This way, companies get the fit right on the first try, without wasteful tweaks or unnecessary use of fabrics. The foundational tools for how garments are made—including unrealistic and inconsistent sizing—do not represent people’s real bodies and are harmful to the earth, as nearly 70% of online apparel is returned due to poor fit. This is where 3D sampling has the opportunity to create real change. By ensuring a perfect fit, companies like TrueToForm can vastly minimize the environmental impacts of returns, overproduction, and wasted fabric in the cutting and design process (which, on average, tends to be about 15% of the fabric).
Another pressing issue in the fashion industry is the use of greenwashing in marketing. Greenwashing refers to the practice of companies providing misleading information in their advertisements regarding their environmental friendliness. These advertisements are intended to deceive consumers into believing that their products have a greater positive environmental impact than they actually do.
To target this marketing-related problem, the UN has established the EU Green Claims Directive, which requires that all claims made in advertisements be backed by evidence.
To create successful sustainable fashion marketing campaigns and truly make an impact, brands would be wise to follow in the footsteps of Ecoalf, a pioneer in the sustainable fashion industry. Ecoalf’s well-known ad campaign “#BecauseThereIsNoPlanetB,” for instance, is part of a global effort to remove marine debris from the bottom of oceans and rework it into quality yarn to make garments. And bonus points to Ecoalf for donating 10% of their revenue from sales to the ECOALF Foundation! Rather than conveying a false perception of sustainability to a consumer base who may not know any better, hopefully the recent UN legislation provides an opportunity for brands to preach honesty and action, much like Ecoalf.
The problems continue far after the production phase, with the nearly nonexistent use of perfectly usable leftover textiles and fabric scraps. In fact, less than 1% of fashion textiles are recycled. Instead, a truckload’s worth of products are sent to the landfill every second. The UN’s legislation to address the rampant misuse of waste is called the Extended Producer Responsibility, an amendment to the Waste Framework Directive. This legislation requires companies to finance the collection, sorting, and recycling of textile waste. Additionally, it will likely ban the destruction of unsold goods, giving them the chance to find a second purpose.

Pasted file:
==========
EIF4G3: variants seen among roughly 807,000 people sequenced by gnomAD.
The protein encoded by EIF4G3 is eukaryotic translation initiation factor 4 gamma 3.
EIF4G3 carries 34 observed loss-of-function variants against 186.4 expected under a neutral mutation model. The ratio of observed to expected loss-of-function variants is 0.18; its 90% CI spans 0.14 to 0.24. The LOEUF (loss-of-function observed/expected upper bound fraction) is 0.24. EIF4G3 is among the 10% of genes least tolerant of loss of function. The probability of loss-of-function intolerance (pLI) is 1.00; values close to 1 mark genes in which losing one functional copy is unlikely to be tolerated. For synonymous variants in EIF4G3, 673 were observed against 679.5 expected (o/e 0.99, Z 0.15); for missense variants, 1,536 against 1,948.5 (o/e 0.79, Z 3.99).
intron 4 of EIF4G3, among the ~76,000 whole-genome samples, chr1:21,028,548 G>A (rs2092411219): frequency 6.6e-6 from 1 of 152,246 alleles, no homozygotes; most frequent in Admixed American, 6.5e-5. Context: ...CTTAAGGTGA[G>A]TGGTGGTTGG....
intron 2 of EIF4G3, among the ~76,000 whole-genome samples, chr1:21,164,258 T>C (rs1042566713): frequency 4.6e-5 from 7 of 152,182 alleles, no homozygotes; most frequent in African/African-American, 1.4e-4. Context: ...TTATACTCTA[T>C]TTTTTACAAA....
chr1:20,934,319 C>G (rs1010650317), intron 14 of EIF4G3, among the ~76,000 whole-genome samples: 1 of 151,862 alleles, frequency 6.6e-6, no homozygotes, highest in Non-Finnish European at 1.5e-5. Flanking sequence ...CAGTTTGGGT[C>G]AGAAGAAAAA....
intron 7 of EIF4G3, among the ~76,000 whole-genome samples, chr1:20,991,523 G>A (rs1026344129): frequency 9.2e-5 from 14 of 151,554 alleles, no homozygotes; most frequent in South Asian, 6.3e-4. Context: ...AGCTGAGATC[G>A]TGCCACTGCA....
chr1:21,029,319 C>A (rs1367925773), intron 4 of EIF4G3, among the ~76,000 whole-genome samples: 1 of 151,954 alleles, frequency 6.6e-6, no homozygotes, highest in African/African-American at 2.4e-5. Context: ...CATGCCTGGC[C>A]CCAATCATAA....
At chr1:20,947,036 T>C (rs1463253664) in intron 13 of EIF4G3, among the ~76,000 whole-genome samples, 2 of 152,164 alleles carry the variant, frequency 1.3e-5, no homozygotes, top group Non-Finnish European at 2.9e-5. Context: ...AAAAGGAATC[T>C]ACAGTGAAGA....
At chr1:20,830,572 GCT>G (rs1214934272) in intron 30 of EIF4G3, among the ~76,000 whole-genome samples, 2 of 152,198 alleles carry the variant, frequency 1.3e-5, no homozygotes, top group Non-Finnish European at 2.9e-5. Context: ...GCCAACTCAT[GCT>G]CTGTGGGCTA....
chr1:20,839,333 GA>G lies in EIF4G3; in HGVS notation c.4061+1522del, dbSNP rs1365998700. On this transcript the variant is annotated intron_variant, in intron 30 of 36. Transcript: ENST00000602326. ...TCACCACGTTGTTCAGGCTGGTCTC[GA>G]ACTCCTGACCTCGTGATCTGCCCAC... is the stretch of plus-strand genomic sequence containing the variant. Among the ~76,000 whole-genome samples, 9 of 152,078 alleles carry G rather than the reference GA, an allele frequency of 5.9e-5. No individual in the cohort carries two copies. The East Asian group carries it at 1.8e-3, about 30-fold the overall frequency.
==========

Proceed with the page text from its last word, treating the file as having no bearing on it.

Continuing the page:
A small brand we see excelling in this arena today is Doodlage, a clothing company based in India that creatively employs creative solutions to achieve great sustainability thresholds. Doodlage works with eco-friendly fabrics like organic cotton, corn fabric, banana fabric, and most importantly, the left-over discarded textiles from large manufacturers. By sourcing fabrics that are unused by other retailers, and would otherwise go to waste, Doodlage combines disparate fabrics to create cohesive, eco-friendly clothing pieces. As explained by the company, “With 40% of garment production being done in India, Bangladesh, and China, these companies alone produce enough waste to be able to create 6 billion garments from just scraps and leftovers.” Kudos to Doodlage for being a part of this solution.
One small business that excels in all above areas is Los Angeles-based intimates and basicwear brand Proclaim. Proclaim’s bras, underwears, and basics are created from completely recyclable, and durable materials, including recycled plastic bottles and TENCEL, a cellulosic fiber developed from wood pulp. Their organic cotton is made without toxic substances or polluting pesticides. And what’s more, their environmentally-friendly products are packaged in equally environmentally-friendly packages which are 100% compostable. So not only are their products made from recycled and non-wasteful materials, their products can then be recycled again and again. Additionally, with careful pattern layouts and techniques, Proclaim ensures they create the least amount of fabric scraps possible.
Hopefully, the UN’s new legislations for the design process, marketing efforts, and waste management will encourage more brands to follow in the footsteps of the mentioned companies—TrueToForm, Ecoalf, Doodlage, and Proclaim—each of which is a pioneer in the fashion industry in its own way.